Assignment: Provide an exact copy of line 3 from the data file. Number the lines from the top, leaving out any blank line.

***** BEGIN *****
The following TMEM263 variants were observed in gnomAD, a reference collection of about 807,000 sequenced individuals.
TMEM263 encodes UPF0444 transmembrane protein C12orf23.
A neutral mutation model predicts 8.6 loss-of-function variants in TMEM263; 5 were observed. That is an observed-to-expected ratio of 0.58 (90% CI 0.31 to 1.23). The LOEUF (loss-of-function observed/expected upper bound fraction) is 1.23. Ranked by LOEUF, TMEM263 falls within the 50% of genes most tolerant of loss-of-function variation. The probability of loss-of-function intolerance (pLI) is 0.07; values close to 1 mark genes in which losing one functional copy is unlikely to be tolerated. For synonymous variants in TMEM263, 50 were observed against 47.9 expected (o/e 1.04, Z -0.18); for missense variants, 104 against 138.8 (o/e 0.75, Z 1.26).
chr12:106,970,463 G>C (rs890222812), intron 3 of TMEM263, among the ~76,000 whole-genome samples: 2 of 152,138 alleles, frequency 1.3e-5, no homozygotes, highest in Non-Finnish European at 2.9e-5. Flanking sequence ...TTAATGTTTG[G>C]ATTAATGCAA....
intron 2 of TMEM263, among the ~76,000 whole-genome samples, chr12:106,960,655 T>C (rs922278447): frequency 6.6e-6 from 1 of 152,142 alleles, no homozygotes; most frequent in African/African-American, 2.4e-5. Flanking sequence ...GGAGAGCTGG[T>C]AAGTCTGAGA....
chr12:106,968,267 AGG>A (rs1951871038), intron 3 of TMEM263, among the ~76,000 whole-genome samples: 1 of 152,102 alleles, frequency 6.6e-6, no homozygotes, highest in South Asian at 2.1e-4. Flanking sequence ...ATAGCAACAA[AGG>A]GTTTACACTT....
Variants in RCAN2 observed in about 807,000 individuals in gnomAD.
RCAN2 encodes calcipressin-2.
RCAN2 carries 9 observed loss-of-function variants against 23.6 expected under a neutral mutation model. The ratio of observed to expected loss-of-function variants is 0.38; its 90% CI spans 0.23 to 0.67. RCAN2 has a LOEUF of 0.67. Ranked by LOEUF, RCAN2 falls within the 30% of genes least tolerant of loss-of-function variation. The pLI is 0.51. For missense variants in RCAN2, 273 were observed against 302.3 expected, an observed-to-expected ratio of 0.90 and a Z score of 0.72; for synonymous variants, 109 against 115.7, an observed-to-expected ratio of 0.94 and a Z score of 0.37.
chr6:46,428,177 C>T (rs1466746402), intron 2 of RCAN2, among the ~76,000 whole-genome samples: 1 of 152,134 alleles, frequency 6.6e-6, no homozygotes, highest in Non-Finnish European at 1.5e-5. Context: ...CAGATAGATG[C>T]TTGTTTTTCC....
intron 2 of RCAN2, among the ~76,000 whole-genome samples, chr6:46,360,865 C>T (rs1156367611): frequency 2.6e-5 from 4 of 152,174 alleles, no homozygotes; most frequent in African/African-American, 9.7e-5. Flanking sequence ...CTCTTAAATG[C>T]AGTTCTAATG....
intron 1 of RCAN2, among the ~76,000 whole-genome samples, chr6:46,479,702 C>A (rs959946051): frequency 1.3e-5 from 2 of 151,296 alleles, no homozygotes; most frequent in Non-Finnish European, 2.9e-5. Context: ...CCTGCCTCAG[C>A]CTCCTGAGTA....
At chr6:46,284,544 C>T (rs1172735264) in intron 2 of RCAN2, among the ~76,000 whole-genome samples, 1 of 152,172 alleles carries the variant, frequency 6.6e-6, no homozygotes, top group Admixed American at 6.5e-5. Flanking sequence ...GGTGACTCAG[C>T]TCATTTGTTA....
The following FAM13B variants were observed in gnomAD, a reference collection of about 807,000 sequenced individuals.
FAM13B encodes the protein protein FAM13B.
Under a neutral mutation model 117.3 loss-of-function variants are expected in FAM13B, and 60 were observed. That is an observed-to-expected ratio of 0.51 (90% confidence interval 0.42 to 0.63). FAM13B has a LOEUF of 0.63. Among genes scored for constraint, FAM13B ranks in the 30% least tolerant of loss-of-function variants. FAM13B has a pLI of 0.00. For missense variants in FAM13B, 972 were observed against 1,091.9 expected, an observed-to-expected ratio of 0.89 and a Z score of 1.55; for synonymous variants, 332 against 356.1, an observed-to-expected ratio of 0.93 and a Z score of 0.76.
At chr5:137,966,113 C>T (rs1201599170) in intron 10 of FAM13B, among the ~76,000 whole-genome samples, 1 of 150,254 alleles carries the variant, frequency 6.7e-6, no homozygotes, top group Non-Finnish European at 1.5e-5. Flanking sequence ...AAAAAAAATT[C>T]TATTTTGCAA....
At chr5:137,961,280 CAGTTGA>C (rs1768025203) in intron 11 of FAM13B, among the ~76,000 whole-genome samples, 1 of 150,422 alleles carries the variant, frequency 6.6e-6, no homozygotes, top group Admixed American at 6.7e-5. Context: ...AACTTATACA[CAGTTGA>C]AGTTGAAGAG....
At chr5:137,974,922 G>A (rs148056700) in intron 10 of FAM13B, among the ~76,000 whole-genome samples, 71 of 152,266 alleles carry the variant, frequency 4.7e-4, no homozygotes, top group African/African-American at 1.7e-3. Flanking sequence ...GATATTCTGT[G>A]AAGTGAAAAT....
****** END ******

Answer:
A neutral mutation model predicts 8.6 loss-of-function variants in TMEM263; 5 were observed. That is an observed-to-expected ratio of 0.58 (90% CI 0.31 to 1.23). The LOEUF (loss-of-function observed/expected upper bound fraction) is 1.23. Ranked by LOEUF, TMEM263 falls within the 50% of genes most tolerant of loss-of-function variation. The probability of loss-of-function intolerance (pLI) is 0.07; values close to 1 mark genes in which losing one functional copy is unlikely to be tolerated. For synonymous variants in TMEM263, 50 were observed against 47.9 expected (o/e 1.04, Z -0.18); for missense variants, 104 against 138.8 (o/e 0.75, Z 1.26).